12. James says:

    “The Megaphone is a complete waste of funding. If President Schrum wants to find ways to manage the budget he should consider cutting that of megaphone. There are 25+ people on staff (when only 25 papers are actually read, the rest are used for kindling), plus the cost of distribution of the paper, and other costs; if this program were to be cut the university could save a decent amount of money.”
    Oh don’t get offended this is just a satire and does not reflect the feelings or ideas of any one person, but it sure is entertaining isn’t it?
    I would have to agree with the people who have commented above, these articles do not sound satirical at all, instead, they sound like a tyrannical rant. Both of these arguments are ridiculous and unnecessary and it is the articles like this that make the Megaphone a joke of a paper.

  13. John says:

    If that is the best criticism that alumni of SU can supply, maybe I should transfer because I would hope to be more intelligent than that when I graduate college.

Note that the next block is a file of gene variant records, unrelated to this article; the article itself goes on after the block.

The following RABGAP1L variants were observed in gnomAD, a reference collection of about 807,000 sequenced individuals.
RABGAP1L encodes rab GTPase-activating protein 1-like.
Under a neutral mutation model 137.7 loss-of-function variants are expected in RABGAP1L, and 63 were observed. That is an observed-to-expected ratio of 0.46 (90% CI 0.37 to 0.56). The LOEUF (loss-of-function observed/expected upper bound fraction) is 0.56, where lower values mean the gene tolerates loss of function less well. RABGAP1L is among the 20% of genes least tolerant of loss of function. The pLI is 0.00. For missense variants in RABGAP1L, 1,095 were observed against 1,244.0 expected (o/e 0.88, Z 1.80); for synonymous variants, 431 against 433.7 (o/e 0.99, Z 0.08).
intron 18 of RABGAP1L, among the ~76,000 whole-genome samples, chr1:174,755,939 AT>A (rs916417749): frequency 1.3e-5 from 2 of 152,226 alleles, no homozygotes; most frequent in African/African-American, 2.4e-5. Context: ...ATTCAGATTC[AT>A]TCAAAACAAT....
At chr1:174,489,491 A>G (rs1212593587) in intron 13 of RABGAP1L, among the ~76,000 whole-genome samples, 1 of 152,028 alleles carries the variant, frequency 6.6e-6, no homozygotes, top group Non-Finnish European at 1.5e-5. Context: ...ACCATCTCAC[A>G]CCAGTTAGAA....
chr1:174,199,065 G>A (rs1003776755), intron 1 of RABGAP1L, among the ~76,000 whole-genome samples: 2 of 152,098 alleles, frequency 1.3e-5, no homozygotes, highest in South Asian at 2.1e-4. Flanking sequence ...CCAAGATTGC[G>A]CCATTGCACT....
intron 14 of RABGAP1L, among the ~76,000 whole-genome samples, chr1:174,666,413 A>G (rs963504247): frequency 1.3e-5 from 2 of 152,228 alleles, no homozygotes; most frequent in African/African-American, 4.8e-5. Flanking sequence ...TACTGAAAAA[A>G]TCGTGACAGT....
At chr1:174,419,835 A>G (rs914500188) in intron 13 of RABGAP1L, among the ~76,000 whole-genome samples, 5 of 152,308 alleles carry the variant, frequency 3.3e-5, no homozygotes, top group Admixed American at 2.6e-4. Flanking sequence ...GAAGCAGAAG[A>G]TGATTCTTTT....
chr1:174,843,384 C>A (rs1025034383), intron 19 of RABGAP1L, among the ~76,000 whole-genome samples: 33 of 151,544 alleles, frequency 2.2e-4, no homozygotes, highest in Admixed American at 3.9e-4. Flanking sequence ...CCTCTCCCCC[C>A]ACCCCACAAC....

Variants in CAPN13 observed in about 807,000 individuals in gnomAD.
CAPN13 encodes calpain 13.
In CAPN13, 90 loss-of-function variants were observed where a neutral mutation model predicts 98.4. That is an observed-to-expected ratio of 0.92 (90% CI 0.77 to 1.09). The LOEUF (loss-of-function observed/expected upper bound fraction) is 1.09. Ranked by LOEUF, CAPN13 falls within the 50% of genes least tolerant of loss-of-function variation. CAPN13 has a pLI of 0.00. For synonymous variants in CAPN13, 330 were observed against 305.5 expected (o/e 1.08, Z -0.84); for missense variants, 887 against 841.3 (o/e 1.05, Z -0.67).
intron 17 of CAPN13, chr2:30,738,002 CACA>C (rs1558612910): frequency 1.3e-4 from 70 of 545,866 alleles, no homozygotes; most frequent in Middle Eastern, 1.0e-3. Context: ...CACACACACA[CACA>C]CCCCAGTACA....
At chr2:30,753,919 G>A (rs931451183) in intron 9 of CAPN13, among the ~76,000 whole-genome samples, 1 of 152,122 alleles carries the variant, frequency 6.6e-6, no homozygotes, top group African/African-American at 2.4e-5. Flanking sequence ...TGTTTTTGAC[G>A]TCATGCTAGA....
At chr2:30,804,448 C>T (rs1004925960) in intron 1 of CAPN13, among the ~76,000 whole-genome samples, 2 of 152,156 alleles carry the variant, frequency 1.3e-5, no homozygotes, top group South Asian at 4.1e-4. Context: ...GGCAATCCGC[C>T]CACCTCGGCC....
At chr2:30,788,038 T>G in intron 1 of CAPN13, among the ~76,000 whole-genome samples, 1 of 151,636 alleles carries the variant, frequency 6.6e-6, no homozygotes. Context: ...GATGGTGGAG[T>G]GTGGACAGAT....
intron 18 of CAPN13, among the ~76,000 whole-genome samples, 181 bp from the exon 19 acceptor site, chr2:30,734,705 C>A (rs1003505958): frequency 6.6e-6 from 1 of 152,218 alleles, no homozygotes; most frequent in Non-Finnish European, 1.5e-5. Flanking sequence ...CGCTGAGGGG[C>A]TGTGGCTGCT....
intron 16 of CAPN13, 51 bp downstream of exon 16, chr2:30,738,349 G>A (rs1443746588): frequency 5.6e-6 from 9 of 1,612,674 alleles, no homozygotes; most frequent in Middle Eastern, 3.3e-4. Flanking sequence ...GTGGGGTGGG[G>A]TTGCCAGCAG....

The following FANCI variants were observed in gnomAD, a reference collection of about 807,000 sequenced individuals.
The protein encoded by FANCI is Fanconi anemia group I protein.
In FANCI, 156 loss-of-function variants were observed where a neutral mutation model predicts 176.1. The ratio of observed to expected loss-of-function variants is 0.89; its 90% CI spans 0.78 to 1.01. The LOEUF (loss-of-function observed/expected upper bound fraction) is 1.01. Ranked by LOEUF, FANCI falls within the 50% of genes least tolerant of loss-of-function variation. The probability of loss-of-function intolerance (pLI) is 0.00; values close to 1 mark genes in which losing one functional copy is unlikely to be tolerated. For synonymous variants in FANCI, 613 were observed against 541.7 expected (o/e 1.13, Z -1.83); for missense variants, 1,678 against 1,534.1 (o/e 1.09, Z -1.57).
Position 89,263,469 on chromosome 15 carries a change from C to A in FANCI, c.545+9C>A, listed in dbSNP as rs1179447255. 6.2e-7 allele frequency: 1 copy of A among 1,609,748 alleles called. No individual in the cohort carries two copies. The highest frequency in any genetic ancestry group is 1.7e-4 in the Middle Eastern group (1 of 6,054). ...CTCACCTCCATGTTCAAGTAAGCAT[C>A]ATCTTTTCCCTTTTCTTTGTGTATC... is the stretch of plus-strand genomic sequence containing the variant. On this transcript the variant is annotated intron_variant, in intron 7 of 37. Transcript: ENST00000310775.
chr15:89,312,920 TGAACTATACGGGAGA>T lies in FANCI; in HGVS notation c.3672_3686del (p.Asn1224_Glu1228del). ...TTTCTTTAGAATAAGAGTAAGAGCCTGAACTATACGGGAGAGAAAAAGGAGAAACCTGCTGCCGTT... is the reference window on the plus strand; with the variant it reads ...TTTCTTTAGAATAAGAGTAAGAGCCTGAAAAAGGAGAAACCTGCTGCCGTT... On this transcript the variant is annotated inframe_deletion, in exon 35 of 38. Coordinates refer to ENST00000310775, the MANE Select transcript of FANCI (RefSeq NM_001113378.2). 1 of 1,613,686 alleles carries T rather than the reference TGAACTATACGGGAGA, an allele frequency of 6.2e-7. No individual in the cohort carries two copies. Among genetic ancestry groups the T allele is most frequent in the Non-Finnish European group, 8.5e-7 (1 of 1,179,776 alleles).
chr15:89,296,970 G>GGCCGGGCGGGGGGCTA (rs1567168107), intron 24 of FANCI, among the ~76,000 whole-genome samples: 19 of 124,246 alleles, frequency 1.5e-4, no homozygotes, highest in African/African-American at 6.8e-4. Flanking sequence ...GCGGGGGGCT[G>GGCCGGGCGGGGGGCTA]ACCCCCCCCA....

The first couple of comments seem to completely disregard that the articles are satire at all and the following comments acknowledge it only in name. Check over your typos, make sure that what you’re saying should be in the article isn’t already there and realize that you’re fueling the exact stereotypes satirized in the article.

  14. Chris says:

    “I shall now therefore humbly propose my own thoughts, which I hope will not be liable to the least objection.

    I have been assured by a very knowing American of my acquaintance in London, that a young healthy child well nursed is at a year old a most delicious, nourishing, and wholesome food, whether stewed, roasted, baked, or boiled; and I make no doubt that it will equally serve in a fricassee or a ragout.